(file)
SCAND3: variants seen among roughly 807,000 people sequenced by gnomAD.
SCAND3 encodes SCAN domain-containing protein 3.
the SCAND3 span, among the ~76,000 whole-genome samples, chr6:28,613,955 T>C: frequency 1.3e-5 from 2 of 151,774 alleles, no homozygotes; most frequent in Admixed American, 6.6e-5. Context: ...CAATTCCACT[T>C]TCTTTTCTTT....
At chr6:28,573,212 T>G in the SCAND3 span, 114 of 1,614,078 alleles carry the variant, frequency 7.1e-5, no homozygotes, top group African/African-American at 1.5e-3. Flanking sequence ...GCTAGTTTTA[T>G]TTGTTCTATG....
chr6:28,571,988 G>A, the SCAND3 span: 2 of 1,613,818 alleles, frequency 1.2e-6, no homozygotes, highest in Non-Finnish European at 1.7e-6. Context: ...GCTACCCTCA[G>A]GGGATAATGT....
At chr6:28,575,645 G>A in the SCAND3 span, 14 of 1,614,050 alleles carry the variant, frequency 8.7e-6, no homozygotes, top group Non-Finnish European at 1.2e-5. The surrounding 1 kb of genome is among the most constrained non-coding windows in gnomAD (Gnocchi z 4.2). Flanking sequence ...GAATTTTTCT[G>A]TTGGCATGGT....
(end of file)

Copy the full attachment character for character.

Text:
SCAND3: variants seen among roughly 807,000 people sequenced by gnomAD.
SCAND3 encodes SCAN domain-containing protein 3.
the SCAND3 span, among the ~76,000 whole-genome samples, chr6:28,613,955 T>C: frequency 1.3e-5 from 2 of 151,774 alleles, no homozygotes; most frequent in Admixed American, 6.6e-5. Context: ...CAATTCCACT[T>C]TCTTTTCTTT....
At chr6:28,573,212 T>G in the SCAND3 span, 114 of 1,614,078 alleles carry the variant, frequency 7.1e-5, no homozygotes, top group African/African-American at 1.5e-3. Flanking sequence ...GCTAGTTTTA[T>G]TTGTTCTATG....
chr6:28,571,988 G>A, the SCAND3 span: 2 of 1,613,818 alleles, frequency 1.2e-6, no homozygotes, highest in Non-Finnish European at 1.7e-6. Context: ...GCTACCCTCA[G>A]GGGATAATGT....
At chr6:28,575,645 G>A in the SCAND3 span, 14 of 1,614,050 alleles carry the variant, frequency 8.7e-6, no homozygotes, top group Non-Finnish European at 1.2e-5. The surrounding 1 kb of genome is among the most constrained non-coding windows in gnomAD (Gnocchi z 4.2). Flanking sequence ...GAATTTTTCT[G>A]TTGGCATGGT....